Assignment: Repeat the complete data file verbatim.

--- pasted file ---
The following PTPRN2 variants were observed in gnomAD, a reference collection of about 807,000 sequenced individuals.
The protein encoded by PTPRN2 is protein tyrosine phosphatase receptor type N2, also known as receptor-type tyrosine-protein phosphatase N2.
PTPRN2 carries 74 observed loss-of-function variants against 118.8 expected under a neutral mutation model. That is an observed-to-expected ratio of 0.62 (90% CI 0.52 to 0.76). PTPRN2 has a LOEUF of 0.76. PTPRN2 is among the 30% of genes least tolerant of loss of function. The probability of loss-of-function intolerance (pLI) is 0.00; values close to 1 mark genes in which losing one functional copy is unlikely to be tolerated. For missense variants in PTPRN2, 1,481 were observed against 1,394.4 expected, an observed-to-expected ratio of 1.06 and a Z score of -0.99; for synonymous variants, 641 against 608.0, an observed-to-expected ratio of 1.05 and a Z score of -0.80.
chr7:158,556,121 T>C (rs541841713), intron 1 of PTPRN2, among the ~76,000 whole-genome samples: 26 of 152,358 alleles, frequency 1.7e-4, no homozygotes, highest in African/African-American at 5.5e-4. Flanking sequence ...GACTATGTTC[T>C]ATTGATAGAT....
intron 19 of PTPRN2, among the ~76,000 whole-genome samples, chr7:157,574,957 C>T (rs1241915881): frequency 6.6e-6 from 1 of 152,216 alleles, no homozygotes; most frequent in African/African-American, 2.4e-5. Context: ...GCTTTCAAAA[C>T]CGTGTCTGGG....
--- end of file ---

The following PTPRN2 variants were observed in gnomAD, a reference collection of about 807,000 sequenced individuals.
The protein encoded by PTPRN2 is protein tyrosine phosphatase receptor type N2, also known as receptor-type tyrosine-protein phosphatase N2.
PTPRN2 carries 74 observed loss-of-function variants against 118.8 expected under a neutral mutation model. That is an observed-to-expected ratio of 0.62 (90% CI 0.52 to 0.76). PTPRN2 has a LOEUF of 0.76. PTPRN2 is among the 30% of genes least tolerant of loss of function. The probability of loss-of-function intolerance (pLI) is 0.00; values close to 1 mark genes in which losing one functional copy is unlikely to be tolerated. For missense variants in PTPRN2, 1,481 were observed against 1,394.4 expected, an observed-to-expected ratio of 1.06 and a Z score of -0.99; for synonymous variants, 641 against 608.0, an observed-to-expected ratio of 1.05 and a Z score of -0.80.
chr7:158,556,121 T>C (rs541841713), intron 1 of PTPRN2, among the ~76,000 whole-genome samples: 26 of 152,358 alleles, frequency 1.7e-4, no homozygotes, highest in African/African-American at 5.5e-4. Flanking sequence ...GACTATGTTC[T>C]ATTGATAGAT....
intron 19 of PTPRN2, among the ~76,000 whole-genome samples, chr7:157,574,957 C>T (rs1241915881): frequency 6.6e-6 from 1 of 152,216 alleles, no homozygotes; most frequent in African/African-American, 2.4e-5. Context: ...GCTTTCAAAA[C>T]CGTGTCTGGG....